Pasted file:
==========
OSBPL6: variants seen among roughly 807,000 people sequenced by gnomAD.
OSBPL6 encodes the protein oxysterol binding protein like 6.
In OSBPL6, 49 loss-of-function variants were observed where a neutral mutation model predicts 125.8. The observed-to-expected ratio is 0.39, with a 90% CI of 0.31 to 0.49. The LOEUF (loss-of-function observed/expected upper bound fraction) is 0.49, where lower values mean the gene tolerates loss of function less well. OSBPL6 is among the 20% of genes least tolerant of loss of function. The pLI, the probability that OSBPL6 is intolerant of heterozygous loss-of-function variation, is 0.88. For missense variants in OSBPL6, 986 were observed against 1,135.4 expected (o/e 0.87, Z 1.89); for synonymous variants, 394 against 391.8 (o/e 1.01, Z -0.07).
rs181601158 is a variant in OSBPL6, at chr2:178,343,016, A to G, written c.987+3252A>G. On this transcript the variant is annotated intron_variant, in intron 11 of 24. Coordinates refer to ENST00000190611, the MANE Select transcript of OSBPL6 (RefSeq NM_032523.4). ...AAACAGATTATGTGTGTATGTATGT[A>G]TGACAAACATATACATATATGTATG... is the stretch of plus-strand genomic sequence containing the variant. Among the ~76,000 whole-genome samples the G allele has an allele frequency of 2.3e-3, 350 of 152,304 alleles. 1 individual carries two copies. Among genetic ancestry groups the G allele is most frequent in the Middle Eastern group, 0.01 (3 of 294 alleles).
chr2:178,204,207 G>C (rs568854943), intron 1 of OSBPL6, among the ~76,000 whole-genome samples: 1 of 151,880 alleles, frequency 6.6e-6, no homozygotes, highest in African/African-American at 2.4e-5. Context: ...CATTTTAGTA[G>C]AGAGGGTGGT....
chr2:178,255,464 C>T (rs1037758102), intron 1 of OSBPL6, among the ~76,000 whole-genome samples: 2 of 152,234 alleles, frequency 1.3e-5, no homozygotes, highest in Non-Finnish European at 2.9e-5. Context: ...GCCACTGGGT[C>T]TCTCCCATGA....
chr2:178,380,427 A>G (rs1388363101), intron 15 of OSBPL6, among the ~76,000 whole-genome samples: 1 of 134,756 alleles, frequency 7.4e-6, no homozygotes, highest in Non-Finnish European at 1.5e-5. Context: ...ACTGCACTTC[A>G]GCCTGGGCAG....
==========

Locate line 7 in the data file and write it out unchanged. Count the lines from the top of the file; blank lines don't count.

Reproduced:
chr2:178,380,427 A>G (rs1388363101), intron 15 of OSBPL6, among the ~76,000 whole-genome samples: 1 of 134,756 alleles, frequency 7.4e-6, no homozygotes, highest in Non-Finnish European at 1.5e-5. Context: ...ACTGCACTTC[A>G]GCCTGGGCAG....